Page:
(Sept. 14. 2009) The yuan and trade tensions
I guess you could call it lucky coincidence, but just after we raised the issue of China’s management of the dollar-yuan parity in last Friday’s Thaler’s Corner, President Obama imposed a 35% trade tariff on tyres imported from the Middle Kingdom.
We have regularly addressed the subject of trade “frictions” because, while the world appears to have avoided certain mistakes made during the Great Depression during the current so-called Great Recession, particularly in terms of monetary policy, the world economy remains exposed to prolonged stagnation a long as the yuan continues to be manipulated.
With American households struggling, come what may, to resolve the first two problems, the reduction in the trade deficit can come either by a sharp hike in exports or by a drastic reduction in imports.
The dollar’s decline against the currencies of its main trading partners is a sine qua non condition of this adjustment. While such a shift has already occurred against the euro and the yen (90.20 this morning!), it cannot decline vis-à-vis the currency of its main trading partner!
Just consider that the
No one should be surprised by the
As for the threats of trade reprisals on US poultry and auto parts, the United States has little to fear from today’s announcement by China to appeal to the WTO, since Chinese officials no very good and well that they have more to lose in a protectionist war with their main client.
No, we would be better advised to keep our eyes on the response of the European Union, because it has absorbed the full brunt of the dollar’s and yuan’s depreciation.
As much as the dollar’s decline is natural in a floating currency system, despite the hurt caused European exporters, the yuan depreciation is beginning to provoke some teeth-gritting, particularly, in the backdrop of an expected 12 point GDP advantage for China in 2009 (+8% vs -4%).
The problem is not yet excruciating, with the Yuan falling “only” 17% against the euro since February, but given the ECB’s religious opposition to taking action to counter its currency abusive appreciation, unlike the Swiss, we can look forward to this sort of protectionist tendency on the European continent.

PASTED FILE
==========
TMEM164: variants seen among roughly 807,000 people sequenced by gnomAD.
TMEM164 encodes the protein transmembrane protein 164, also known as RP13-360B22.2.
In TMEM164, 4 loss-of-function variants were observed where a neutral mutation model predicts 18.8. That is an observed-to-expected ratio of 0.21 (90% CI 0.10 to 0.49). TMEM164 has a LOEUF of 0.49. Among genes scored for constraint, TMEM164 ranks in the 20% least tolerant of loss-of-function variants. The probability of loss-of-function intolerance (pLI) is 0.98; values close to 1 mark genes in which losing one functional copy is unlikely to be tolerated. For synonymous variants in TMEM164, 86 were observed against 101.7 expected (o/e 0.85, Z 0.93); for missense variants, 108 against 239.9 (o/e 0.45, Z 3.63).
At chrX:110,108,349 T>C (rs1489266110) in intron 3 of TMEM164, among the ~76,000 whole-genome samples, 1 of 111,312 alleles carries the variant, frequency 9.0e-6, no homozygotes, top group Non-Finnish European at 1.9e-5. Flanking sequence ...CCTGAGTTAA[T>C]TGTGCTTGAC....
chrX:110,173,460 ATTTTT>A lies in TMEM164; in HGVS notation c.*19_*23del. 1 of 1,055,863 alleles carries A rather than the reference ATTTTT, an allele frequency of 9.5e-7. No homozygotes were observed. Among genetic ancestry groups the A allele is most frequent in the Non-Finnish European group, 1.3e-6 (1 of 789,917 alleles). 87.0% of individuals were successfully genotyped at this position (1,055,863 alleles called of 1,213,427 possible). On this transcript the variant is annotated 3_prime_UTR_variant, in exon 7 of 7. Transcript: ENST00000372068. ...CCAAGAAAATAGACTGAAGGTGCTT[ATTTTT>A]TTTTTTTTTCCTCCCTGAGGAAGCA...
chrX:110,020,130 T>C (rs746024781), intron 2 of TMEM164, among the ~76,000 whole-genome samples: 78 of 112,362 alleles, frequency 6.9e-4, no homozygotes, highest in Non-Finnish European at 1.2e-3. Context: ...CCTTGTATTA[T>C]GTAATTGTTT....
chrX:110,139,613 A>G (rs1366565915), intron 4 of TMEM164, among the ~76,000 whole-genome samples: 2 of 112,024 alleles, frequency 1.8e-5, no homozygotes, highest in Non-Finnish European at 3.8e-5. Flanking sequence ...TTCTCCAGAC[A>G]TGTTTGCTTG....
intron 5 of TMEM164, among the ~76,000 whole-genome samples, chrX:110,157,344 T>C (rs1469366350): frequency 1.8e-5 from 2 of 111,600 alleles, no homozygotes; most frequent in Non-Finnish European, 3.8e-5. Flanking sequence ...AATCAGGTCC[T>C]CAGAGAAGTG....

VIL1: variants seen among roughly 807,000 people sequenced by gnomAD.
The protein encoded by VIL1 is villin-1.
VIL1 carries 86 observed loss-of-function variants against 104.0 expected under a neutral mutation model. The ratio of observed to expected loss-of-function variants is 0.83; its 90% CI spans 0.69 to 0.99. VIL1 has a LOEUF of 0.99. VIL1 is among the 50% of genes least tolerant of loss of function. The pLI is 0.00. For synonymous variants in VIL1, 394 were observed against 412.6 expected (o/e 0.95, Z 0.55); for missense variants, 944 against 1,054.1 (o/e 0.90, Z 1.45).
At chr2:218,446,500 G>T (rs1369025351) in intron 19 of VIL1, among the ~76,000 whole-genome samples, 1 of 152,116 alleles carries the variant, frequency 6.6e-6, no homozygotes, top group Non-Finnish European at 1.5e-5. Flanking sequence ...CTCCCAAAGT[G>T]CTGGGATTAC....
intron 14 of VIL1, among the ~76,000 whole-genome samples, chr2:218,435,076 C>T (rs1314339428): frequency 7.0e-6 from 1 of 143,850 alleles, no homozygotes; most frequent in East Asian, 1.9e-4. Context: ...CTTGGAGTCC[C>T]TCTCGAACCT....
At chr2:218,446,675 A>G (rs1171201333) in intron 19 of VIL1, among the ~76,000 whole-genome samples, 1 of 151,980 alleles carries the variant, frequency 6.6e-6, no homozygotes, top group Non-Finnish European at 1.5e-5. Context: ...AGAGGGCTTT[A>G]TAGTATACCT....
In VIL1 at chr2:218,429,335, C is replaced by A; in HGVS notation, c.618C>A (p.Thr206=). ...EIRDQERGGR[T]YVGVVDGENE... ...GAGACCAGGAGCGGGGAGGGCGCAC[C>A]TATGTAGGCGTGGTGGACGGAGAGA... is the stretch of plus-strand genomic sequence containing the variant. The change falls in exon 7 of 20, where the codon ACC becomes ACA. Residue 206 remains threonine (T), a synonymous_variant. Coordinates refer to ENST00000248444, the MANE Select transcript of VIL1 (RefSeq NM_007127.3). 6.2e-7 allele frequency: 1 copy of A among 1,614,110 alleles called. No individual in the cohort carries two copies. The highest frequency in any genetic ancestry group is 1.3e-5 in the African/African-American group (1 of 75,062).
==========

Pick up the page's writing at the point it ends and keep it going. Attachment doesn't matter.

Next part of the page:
Or we can look forward a real deflationist bust on the eurozone, as already seen in
- Credit Crunch in the West
In the meantime, the debt deflation process continues its merry progression, as indicated by the Morgan Stanley study, which reports that the scant availability of bank credit is penalising smaller companies that have no access to bond markets, with a contraction in net loans outstanding in July (-€25bn).
Check out these comments from the two bankers quoted in the piece (source FT):
Brian Robertson, group chief risk officer at HSBC: "Those companies you'd like to lend to don't want credit and in many cases those that do, you don't want to lend to."
Another large European lender: "Banks are eager to lend money to good companies. But many of them don't need it. We are not going to throw good money after bad on weak companies."
We see the same phenomenon with American credit cards. Borrowers, capable of doing so, are reducing their debt, whose real interest rates have become prohibitive, while the less credit-worthy borrowers are being shut out.
As such, French Finance Minister Christine Lagarde’s plan to seek a one-year extension for guaranteed bank loans when the current system expires in October in exchange for a plan to boost credit volumes by 3% to 4% stands a good chance of running smack into the current process.
It is worth noting the marked 8% decline in steel prices since late August, according to a study conducted by World Steel Dynamics, given overinvestment by the Chinese (Thaler's Corner 17-08-09: The Chinese Minsky ladder: a broken rung).
Iron ore prices have also fallen 18% since July.
- Industrial production on the eurozone
Industrial production figures, which came out this morning for
Industrial production on eurozone: changes since highs of 2008.
This does not at all look like one of those famous green shoots
We remain favourable to fixed interest rate instruments, now with a bias more favourable to the 5-10 year range than to our 2-year champion.
We say the same thing for stock markets. We have considered it prudent to avoid participating in the recent rally, since the risk/profitability ratio does not look all that sexy.
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